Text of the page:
A 30 series holder should run at about #800 - 1000 drawbar force.
30 series?    BT30, CAT30, ISO30, NMTB30   are you suggesting they are all the same? I don't know if they are or not, just asking.

A r8 collet holder made need a great deal more to hold a tool in the collet for heavy cutting. Solid tool holders require less (;-)

Certainly a lot less to hold the tool, but transfer of torque from the spindle to the R8 taper would be the same, one would think.


THE drawbar force based on torque is a guess. It depends on thread pitch , friction AND the strength of the drawbar as to generate force it has to stretch to hold force on the toolholder.

Those would be the 'couple of other params' I mentioned. of all the factors to consider, only friction is a guess. Material strength is irrelevant . .  unless the bar breaks or strips  :o  1000lbs is 1000lbs regarless of how much the bar stretches to transfer the force.

A machine like Dave Dec used with a simple one piece spindle is simple to do what he did drawbar wise . Don't think it would work on a Kneemill setup very well.  THE tool holder claw idea worked very well for him and the use of the modified cat30 holders allowed him to GRIP the tool holder with the ATC and get spindle/tool  indexing correct.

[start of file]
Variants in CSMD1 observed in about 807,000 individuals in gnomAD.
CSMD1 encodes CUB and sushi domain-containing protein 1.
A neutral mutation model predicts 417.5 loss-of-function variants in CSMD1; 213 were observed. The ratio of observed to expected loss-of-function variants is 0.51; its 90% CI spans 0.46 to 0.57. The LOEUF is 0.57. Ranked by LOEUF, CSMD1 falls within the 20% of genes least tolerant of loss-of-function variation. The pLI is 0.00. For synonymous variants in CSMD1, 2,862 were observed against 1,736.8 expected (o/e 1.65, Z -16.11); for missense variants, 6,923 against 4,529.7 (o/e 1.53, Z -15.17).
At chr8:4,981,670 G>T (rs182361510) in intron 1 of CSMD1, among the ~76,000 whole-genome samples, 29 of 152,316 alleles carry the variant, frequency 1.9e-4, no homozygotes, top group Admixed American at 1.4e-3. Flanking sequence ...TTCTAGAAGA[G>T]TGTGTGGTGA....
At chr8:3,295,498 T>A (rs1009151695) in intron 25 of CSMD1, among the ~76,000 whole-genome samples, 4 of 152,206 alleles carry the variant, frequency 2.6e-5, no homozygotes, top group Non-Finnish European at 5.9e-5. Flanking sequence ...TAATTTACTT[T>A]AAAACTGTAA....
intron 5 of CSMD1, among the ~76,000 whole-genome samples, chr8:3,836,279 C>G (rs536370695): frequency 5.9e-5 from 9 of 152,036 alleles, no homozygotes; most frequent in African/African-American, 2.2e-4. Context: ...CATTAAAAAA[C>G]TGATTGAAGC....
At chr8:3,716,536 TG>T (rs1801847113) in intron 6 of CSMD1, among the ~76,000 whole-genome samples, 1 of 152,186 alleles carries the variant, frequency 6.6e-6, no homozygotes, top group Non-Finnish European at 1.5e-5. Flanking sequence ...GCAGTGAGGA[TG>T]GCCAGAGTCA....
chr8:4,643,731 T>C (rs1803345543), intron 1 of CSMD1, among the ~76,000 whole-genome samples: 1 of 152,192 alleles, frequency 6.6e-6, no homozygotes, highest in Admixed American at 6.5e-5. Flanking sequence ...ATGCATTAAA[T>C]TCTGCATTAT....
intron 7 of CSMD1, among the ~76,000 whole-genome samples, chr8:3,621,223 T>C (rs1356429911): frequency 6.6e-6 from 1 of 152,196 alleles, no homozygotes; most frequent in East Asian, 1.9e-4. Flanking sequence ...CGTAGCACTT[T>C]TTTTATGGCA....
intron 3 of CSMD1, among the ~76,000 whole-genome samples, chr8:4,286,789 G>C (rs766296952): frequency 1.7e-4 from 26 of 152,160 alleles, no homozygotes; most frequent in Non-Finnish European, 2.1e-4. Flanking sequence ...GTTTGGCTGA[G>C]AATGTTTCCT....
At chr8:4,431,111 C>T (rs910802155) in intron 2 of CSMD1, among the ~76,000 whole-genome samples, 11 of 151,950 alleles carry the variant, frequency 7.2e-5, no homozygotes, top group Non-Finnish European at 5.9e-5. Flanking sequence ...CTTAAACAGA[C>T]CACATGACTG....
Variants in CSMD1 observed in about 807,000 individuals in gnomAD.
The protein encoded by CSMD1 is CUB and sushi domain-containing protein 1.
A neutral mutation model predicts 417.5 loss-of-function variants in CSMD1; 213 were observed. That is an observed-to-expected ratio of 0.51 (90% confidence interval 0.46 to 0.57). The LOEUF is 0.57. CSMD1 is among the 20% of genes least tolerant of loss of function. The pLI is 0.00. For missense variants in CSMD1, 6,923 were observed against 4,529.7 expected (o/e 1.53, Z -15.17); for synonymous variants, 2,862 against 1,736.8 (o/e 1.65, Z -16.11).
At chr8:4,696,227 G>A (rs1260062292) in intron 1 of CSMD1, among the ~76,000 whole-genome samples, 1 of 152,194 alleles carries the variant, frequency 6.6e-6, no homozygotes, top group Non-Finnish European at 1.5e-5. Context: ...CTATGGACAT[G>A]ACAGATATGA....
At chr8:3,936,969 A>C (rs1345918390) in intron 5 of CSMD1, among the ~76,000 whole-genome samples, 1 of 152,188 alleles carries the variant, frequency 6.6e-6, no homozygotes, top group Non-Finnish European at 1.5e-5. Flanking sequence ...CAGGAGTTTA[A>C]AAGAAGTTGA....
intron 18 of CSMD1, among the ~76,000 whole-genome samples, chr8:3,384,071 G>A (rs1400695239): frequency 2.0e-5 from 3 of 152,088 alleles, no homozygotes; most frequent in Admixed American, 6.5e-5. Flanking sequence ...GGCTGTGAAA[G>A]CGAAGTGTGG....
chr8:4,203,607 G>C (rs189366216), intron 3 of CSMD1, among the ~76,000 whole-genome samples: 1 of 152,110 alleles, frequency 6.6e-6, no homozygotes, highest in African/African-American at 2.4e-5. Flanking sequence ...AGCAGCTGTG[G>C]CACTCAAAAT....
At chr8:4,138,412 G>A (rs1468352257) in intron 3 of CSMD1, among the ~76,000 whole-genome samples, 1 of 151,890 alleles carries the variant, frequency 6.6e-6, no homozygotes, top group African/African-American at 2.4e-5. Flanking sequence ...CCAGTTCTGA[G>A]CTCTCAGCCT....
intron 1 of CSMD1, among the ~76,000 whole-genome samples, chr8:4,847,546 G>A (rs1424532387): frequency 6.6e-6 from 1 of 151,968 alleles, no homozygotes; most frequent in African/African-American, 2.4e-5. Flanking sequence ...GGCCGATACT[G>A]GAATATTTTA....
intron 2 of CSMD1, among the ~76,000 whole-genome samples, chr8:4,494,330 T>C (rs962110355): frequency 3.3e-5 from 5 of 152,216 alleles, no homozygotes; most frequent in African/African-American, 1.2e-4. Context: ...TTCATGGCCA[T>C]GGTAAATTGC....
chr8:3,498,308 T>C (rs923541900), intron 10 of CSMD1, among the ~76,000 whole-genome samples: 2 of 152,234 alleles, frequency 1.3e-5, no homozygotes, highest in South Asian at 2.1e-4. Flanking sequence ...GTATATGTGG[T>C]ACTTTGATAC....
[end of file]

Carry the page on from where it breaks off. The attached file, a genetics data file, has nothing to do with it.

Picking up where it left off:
Dave Dec again . . can anyone provide a link?  Why would you need to modify cat30 for an ATC  . .  isn't that sort of like a Ferarri modified for the Autobahn?    ;)  Don't they come out of the box ready to rock?

 
« Last Edit: May 17, 2012, 05:04:19 PM by simpson36 »

Offline BR549

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Re: A Power Drawbar Like No Other....
« Reply #19 on: May 17, 2012, 05:17:57 PM »
As a GENERAL rule YES they share the basic geometry.

ON a R8 the drawbar force and the clamping force of a collet are 2 different things. I solid tool holder is easily held with light drawbar force. A collet type on the other hand would slip the tool easily with the same light force you can use on a solid.

To calculate the drawbar force one needs to the know the angle of rotation of the  drawbar, thread pitch and the size and type of steel used for the drawbar. Torque really does not come into play.

The angle of rotation X the pitch tells you the stretch of the drawbar .

Torque is not an accurate way to determene the amount of stretch. Yes it acan get you into the ballpark(;-)

When Dave Dec did his ATC he wanted to KEEP the R8 spindle as a cost option. He modify the Cat30 holder by Regrinding it to the SAME angle as an R8 and used a gripper to pull the holder tight into the taper. BUT that is also NOT a Bridgeport type type spindle he was working with.

I'll look up the Utube page for you.

(;-) TP